Upon entering my second day of the conference, I was instructed to draw a card from a deck. I then had to sit at a table the held a sign of the same suit as my playing card. This forced me to sit with (mostly) different people from the first day of the conference. You know that as teachers, we become very territorial very quickly. We find a comfort zone and stick with it. This training was not allowing that, and I am grateful for the push.
I like this idea for the classroom. My environment is set up in groups every day. I usually make a seating chart the second week of school for the sole purpose of splitting up friends. Being friends, however, does not mean that students can not learn from one another. After thinking about it, shouldn't students be offered this same opportunity by random draw?
My intention is to use this method on the first day of the 2015-2016 school year. Students may end up with friends; they may not. Either way, that should not take away from the group-building activity that I am planning on using (keep checking back for future blog post). I am considering using it every day for the first week, just to get the kids familiar with all of their classmates. [One of my biggest issues is always when students do not know the names of classmates after a couple of months. Heck, if I can learn them in a week, they should be able to learn them, too.]
- I have doubled the symbols on each page in order to fold them in half to get them to stand up. I am considering using the four-suit image for the last students who come in who may not fit into other full groups. This will depend upon class sizes.
At the conference, we took the playing cards a step further. Although we sat with one group, we created poker hands to mix-and-mingle with other classmates to answer questions. We took our cards, then paired up by a poker hand that was called out: two of a kind, three of a kind, flush, straight. For each round I participated in, I managed to meet someone new. Sometimes I was with one other person; sometimes four.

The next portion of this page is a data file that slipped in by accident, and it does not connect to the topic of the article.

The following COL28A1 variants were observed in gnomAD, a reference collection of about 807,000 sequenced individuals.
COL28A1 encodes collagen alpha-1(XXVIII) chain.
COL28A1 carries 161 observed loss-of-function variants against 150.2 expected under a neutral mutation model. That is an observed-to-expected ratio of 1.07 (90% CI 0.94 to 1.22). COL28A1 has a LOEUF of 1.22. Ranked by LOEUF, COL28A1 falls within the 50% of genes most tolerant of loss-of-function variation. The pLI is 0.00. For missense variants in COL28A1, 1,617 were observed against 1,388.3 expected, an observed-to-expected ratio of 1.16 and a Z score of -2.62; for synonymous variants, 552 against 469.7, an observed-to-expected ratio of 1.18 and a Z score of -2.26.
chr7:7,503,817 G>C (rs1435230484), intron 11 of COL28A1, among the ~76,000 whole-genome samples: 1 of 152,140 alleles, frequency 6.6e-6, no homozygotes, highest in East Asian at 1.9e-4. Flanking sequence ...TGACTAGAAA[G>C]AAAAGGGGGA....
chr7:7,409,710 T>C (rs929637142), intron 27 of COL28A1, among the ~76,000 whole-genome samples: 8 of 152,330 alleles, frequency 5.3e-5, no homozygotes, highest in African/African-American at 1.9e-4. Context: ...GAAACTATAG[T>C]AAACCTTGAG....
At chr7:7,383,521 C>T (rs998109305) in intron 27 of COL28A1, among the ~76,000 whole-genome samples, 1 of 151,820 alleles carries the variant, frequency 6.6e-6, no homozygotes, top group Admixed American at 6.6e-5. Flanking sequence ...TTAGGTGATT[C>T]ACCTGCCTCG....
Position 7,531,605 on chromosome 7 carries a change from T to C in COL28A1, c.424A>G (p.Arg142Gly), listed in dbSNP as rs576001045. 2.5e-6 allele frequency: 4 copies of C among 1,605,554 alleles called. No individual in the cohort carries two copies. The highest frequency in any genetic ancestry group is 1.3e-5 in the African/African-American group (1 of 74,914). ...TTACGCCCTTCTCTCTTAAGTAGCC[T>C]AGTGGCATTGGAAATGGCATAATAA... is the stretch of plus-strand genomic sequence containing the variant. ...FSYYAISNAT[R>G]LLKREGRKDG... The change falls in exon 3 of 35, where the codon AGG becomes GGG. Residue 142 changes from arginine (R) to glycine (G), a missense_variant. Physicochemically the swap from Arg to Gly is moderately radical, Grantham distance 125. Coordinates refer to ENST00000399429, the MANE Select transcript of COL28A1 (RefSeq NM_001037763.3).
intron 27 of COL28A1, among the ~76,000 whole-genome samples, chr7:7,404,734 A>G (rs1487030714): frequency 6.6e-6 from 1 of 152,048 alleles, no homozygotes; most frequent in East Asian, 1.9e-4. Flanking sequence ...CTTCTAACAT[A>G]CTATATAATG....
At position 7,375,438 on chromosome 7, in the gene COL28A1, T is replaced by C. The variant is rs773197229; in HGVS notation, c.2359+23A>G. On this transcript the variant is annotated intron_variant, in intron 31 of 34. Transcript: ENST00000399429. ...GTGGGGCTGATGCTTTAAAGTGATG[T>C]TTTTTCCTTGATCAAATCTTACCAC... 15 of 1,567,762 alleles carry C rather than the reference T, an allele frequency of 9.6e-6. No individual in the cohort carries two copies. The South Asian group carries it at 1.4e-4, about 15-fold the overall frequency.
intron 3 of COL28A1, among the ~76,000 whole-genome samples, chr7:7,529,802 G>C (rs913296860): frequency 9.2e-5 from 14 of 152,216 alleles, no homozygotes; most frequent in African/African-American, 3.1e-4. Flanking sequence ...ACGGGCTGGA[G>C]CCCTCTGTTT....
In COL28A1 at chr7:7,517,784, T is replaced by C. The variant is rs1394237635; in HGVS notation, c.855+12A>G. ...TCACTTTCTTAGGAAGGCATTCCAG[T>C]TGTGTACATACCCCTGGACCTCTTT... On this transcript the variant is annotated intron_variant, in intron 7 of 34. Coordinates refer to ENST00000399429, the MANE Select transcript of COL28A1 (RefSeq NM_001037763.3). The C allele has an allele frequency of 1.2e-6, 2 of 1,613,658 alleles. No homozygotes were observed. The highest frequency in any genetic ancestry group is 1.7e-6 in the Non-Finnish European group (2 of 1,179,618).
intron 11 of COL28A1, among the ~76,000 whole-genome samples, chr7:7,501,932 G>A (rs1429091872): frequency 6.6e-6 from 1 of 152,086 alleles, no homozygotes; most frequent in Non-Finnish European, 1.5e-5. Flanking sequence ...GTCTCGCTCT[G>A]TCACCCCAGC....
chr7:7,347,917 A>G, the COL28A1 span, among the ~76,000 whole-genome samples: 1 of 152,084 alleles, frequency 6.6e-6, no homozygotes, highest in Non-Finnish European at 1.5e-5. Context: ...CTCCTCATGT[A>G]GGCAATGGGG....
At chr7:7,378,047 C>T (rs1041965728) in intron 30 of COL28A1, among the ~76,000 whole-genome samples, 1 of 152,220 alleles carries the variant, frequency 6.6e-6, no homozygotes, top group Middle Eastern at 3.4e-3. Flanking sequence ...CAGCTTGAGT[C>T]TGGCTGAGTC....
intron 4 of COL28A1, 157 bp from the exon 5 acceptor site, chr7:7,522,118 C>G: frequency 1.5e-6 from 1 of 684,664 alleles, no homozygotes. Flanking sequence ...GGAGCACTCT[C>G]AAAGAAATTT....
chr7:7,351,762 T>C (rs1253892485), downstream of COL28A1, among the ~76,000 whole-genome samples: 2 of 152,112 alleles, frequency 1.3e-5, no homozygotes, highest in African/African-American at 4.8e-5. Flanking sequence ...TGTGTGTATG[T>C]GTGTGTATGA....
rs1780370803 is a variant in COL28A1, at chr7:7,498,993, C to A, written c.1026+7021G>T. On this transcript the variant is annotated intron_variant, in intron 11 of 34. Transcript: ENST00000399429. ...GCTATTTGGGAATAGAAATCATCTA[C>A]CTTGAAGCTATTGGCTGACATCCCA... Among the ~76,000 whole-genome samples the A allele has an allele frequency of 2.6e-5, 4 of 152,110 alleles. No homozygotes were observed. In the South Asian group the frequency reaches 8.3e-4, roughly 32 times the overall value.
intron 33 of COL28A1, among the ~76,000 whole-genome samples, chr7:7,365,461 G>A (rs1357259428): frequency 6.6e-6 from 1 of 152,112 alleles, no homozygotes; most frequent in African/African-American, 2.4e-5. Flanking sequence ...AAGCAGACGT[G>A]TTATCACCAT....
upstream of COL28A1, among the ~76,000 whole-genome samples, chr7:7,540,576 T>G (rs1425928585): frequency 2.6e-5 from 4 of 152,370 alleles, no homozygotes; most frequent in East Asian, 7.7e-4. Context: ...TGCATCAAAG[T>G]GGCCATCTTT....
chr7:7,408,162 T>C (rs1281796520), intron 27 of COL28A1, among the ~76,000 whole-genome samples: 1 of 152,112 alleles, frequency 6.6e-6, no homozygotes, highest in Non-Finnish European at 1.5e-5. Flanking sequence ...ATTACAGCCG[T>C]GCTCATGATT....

This has unlimited possibilities for the classroom. For the first week, I am considering using this method with a 3-2-1. Students will write down three things they learned (it probably will not actually be about my class), two things they like, and one question they have. Then I will have them create their poker-hand groups to discuss what they have written. My goal is to always to incorporate reading and writing with listening and speaking to address ESL needs. And after twelve years of teaching, it becomes easier and easier to blend different strategies, so why not!
- Because I am not terribly familiar with poker, and because I really hope that my students are also clueless (yes, naive), I made myself a display cheat sheet. I will post this to assist with students making their groups.
The AVID site team is hoping to present these playing card strategies during our in-service week in conjunction with some team-building activities. I only share what I see value in, and I am excited about adding this to by classroom management repertoire. Plus, I can definitely get cheap decks of cards at the dollar store (a teacher's best friend).
What are your thoughts? How can you use this with your students (aside from teaching them how to play poker)?